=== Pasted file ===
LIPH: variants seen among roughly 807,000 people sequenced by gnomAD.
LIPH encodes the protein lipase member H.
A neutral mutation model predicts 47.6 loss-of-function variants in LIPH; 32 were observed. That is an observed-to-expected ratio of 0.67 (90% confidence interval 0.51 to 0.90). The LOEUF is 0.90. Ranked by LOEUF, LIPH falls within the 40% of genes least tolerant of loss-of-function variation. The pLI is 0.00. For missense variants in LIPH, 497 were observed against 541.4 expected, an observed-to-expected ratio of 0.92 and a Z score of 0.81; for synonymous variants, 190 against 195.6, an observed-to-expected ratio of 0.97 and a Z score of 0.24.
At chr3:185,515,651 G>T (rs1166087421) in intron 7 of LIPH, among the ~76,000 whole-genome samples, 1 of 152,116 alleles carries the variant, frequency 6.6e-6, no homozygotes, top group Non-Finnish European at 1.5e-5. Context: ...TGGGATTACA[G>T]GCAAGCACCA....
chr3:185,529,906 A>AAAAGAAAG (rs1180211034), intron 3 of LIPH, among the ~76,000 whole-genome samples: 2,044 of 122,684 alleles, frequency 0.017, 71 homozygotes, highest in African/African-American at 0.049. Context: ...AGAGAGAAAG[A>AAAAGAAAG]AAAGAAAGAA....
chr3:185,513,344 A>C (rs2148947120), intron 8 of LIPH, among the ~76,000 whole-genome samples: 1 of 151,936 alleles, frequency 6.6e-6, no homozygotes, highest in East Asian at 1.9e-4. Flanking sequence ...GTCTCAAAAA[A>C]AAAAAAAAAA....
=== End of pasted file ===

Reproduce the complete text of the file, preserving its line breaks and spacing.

LIPH: variants seen among roughly 807,000 people sequenced by gnomAD.
LIPH encodes the protein lipase member H.
A neutral mutation model predicts 47.6 loss-of-function variants in LIPH; 32 were observed. That is an observed-to-expected ratio of 0.67 (90% confidence interval 0.51 to 0.90). The LOEUF is 0.90. Ranked by LOEUF, LIPH falls within the 40% of genes least tolerant of loss-of-function variation. The pLI is 0.00. For missense variants in LIPH, 497 were observed against 541.4 expected, an observed-to-expected ratio of 0.92 and a Z score of 0.81; for synonymous variants, 190 against 195.6, an observed-to-expected ratio of 0.97 and a Z score of 0.24.
At chr3:185,515,651 G>T (rs1166087421) in intron 7 of LIPH, among the ~76,000 whole-genome samples, 1 of 152,116 alleles carries the variant, frequency 6.6e-6, no homozygotes, top group Non-Finnish European at 1.5e-5. Context: ...TGGGATTACA[G>T]GCAAGCACCA....
chr3:185,529,906 A>AAAAGAAAG (rs1180211034), intron 3 of LIPH, among the ~76,000 whole-genome samples: 2,044 of 122,684 alleles, frequency 0.017, 71 homozygotes, highest in African/African-American at 0.049. Context: ...AGAGAGAAAG[A>AAAAGAAAG]AAAGAAAGAA....
chr3:185,513,344 A>C (rs2148947120), intron 8 of LIPH, among the ~76,000 whole-genome samples: 1 of 151,936 alleles, frequency 6.6e-6, no homozygotes, highest in East Asian at 1.9e-4. Flanking sequence ...GTCTCAAAAA[A>C]AAAAAAAAAA....